During a March 2021 appearance before the House Committee on Foreign Affairs, Secretary of State Antony Blinken pledged not to make any concessions to Iran regarding its missile program while persuading Tehran to return to compliance with the 2015 nuclear deal, formally known as the Joint Comprehensive Plan of Action (JCPOA).1 Less than one month later, however, State Department Spokesperson Ned Price refused to rule out missile-sanctions relief as an inducement for the regime to rejoin the deal.2
Offering Iran missile-sanctions relief without first addressing the Islamic Republic’s robust missile program should be alarming to Congress. The JCPOA imposes no limits on Iran’s missile development and proliferation; instead, the deal schedules UN restrictions on Iran’s ballistic missiles to expire in 2023.3 During the years the United States participated in the JCPOA (2015 to 2018), Iran launched at least 27 ballistic missiles as part of tests or military operations.4 Last year, the clerical regime fired ballistic missiles at military bases in Iraq housing American personnel.5 Iran’s terrorist proxies use Iranian-supplied ballistic and cruise missiles and unmanned aerial vehicles (UAVs) to target and harass U.S. forces and allies across the Middle East. Between all of this and Tehran’s ambitions to develop longer-range nuclear-capable ballistic missiles that could reach the United States and Europe, lifting sanctions on Iran’s missile program undermines U.S. national security interests.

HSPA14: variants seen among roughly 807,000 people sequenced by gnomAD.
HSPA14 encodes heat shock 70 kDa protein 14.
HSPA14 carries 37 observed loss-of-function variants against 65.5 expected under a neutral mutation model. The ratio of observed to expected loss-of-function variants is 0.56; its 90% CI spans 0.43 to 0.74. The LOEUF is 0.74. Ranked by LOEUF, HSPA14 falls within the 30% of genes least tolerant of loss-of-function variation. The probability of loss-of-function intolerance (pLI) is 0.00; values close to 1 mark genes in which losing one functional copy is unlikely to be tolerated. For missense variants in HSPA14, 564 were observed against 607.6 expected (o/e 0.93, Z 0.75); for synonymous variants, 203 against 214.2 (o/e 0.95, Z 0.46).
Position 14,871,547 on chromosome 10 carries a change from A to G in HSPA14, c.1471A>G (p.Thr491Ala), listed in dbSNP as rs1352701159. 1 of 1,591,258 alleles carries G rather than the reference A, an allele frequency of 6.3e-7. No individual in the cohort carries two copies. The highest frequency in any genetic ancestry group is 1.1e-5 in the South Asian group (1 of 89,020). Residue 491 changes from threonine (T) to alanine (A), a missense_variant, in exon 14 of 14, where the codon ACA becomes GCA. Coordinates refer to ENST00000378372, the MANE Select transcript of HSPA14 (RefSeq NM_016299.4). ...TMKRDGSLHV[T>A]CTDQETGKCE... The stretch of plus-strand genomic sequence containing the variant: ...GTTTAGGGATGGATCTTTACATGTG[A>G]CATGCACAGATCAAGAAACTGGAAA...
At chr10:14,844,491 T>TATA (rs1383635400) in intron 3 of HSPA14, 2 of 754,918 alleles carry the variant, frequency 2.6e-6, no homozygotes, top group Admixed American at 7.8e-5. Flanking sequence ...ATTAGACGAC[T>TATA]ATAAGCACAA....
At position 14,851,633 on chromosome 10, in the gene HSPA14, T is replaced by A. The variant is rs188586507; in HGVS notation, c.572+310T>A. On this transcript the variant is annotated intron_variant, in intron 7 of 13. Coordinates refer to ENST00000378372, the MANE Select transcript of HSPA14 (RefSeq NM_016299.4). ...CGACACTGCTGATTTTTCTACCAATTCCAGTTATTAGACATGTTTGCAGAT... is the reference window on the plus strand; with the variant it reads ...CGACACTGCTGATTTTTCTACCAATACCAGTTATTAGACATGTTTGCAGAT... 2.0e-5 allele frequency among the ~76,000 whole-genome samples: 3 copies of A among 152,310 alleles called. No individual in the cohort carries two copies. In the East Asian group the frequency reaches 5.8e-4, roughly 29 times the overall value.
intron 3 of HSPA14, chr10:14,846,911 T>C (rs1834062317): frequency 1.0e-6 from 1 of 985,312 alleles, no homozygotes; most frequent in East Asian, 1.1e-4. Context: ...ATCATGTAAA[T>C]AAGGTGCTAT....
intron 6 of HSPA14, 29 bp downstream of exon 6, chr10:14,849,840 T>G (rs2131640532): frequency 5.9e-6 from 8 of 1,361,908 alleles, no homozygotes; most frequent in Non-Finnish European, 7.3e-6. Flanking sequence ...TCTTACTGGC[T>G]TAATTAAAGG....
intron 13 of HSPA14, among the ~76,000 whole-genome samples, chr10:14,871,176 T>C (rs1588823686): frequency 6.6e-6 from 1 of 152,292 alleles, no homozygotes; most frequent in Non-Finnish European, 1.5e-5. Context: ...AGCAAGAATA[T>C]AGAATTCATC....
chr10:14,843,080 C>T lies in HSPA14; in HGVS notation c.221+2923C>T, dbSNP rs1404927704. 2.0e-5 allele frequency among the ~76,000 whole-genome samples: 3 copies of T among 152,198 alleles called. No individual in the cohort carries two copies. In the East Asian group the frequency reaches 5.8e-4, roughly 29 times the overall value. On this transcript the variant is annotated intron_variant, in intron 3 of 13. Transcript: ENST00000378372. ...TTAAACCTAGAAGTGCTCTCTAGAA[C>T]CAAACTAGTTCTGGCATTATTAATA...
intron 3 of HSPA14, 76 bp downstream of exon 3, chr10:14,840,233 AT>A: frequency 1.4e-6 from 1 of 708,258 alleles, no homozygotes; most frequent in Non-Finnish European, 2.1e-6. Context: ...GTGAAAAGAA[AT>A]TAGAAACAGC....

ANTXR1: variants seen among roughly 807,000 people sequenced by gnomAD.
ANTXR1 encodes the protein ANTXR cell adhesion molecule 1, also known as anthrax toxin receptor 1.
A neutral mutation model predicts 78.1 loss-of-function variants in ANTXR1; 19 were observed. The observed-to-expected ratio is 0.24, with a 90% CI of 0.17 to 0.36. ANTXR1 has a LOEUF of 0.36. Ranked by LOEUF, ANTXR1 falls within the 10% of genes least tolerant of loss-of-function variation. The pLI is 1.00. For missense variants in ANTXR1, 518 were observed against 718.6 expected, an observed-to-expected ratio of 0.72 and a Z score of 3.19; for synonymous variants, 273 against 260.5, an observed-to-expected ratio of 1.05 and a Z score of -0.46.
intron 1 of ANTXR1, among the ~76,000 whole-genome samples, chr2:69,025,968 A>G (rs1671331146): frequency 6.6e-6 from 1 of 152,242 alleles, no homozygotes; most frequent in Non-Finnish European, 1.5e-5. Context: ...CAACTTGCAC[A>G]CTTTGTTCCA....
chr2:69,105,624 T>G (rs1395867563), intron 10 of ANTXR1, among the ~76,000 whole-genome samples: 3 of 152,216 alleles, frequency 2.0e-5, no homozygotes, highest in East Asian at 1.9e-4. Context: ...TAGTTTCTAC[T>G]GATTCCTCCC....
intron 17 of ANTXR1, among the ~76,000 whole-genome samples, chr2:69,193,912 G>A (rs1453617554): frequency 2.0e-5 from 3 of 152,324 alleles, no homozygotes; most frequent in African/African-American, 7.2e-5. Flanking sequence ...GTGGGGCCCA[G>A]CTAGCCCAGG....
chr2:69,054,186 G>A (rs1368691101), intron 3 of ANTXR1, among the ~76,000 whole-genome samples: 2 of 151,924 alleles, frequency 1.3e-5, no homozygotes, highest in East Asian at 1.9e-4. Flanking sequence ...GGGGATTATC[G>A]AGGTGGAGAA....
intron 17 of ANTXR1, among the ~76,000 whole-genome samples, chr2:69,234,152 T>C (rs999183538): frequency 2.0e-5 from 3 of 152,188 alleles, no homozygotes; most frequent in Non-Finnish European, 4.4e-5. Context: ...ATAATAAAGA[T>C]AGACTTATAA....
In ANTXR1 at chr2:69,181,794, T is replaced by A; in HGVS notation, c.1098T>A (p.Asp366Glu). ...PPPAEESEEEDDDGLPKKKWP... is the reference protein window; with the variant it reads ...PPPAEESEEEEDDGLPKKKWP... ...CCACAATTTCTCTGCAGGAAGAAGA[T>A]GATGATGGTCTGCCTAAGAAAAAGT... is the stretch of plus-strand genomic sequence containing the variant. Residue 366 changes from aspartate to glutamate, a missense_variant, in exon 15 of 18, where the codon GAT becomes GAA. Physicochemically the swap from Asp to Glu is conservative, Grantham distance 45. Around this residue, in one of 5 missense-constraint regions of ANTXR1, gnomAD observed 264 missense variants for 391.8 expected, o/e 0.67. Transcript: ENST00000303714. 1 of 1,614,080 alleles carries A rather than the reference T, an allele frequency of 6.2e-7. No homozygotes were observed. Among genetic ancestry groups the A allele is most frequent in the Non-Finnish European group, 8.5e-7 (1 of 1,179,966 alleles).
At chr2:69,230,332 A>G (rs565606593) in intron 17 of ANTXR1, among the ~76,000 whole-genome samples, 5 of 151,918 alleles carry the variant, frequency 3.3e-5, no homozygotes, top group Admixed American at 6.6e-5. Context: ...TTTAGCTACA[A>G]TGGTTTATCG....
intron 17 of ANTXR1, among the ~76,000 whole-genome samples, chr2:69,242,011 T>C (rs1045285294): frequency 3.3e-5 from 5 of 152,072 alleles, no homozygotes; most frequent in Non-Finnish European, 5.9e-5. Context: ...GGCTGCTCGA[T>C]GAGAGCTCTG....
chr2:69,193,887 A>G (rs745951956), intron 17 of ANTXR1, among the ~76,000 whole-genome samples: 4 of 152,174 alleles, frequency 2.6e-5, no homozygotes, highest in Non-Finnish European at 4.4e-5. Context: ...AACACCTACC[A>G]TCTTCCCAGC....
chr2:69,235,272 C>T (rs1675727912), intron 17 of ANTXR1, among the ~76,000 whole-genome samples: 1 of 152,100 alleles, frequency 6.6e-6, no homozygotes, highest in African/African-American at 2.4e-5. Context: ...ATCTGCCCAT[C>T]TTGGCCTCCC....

Congress should send a resolute and bipartisan message to the Biden administration: Regardless of where members stand on the JCPOA, an overwhelming majority of legislators agree that no missile-sanctions relief should be provided to Iran as part of rejoining the agreement. This message would align with Blinken’s testimony and his 2020 campaign commitment to “continue non-nuclear sanctions as a strong hedge against Iranian misbehavior in other areas.”6
This memorandum summarizes the threats posed by Iran’s missile force; reviews the longstanding record of bipartisan support for missile sanctions on the Islamic Republic; and provides a detailed list of U.S. missile sanctions in place as of April 15, 2021.